Historians tend to stress the particularities in history. Each event is unique, caused by a set of conditions that will never reproduce themselves again. In turn, each event causes new events, which therefore are equally unique and equally irreproducible. Hence, historians conduct painstaking research into the details of these conditions to understand the course of history.
How history can contribute to better economic education
Coen Teulings, 11 July 2014
Long-term barriers to growth
Enrico Spolaore, Romain Wacziarg, 3 October 2013
Students of comparative development have turned their focus to factors rooted deeper and deeper in history.
Alberto Alesina, Stelios Michalopoulos, Elias Papaioannou, 18 November 2012
Vox readers can download CEPR Discussion Paper 9225 for free here.
The Spatial Diffusion of Technology
Diego Comin, Mikhail Dmitriev, Esteban Rossi-Hansberg , 11 November 2012
Vox readers can download CEPR Discussion Paper 9208 for free here.
Three centuries of climatic variation and the world income distribution
John C Bluedorn, Akos Valentinyi, Michael Vlassopoulos, 15 December 2009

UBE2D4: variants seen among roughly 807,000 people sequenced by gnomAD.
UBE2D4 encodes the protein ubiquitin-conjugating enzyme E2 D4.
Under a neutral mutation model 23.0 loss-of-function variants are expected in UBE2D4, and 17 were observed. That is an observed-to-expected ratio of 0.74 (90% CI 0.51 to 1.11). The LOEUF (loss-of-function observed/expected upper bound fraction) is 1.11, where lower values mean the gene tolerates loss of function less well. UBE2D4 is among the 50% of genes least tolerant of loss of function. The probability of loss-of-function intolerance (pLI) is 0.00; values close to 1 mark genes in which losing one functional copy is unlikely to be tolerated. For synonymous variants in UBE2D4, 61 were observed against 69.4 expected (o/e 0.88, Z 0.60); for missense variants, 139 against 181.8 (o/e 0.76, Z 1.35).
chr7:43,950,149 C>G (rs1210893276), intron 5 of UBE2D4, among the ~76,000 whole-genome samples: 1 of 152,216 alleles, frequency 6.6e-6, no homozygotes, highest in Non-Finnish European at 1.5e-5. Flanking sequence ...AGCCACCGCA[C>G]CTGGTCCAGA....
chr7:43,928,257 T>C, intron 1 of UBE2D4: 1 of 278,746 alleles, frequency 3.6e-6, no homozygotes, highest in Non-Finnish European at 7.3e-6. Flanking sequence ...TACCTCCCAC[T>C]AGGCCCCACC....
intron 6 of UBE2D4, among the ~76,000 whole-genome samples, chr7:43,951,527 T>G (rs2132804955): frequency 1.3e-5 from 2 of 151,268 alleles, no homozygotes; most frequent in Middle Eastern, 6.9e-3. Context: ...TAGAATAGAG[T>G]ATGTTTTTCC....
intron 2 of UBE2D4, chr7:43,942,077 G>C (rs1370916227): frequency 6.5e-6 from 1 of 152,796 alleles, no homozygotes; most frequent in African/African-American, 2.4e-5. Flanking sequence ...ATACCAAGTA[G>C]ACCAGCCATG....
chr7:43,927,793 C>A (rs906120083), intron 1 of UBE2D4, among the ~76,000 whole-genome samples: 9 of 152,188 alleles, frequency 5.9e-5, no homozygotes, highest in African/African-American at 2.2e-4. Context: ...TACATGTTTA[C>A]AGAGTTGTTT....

Policymakers around the world are being urged to address the effects of climate change. Formulating a unified policy on climate change is one of the central goals of the Copenhagen Summit on Climate Change now underway. A key input into that decision-making process is an accurate appraisal of the possible economic consequences of climate change.
The blessing of bad geography in Africa
Nathan Nunn, Diego Puga, 6 June 2007
Mountainous terrain is tough to farm, costly to traverse, and often inhospitable to live in; yet in Africa, countries with a rugged landscape tend to perform better than their flatter rivals. To explain this paradox, CEPR Research Fellow Diego Puga and his co-author Nathan Nunn reach back more than two centuries – to the slave trade.
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Cadot, de Melo, 16 June 2014
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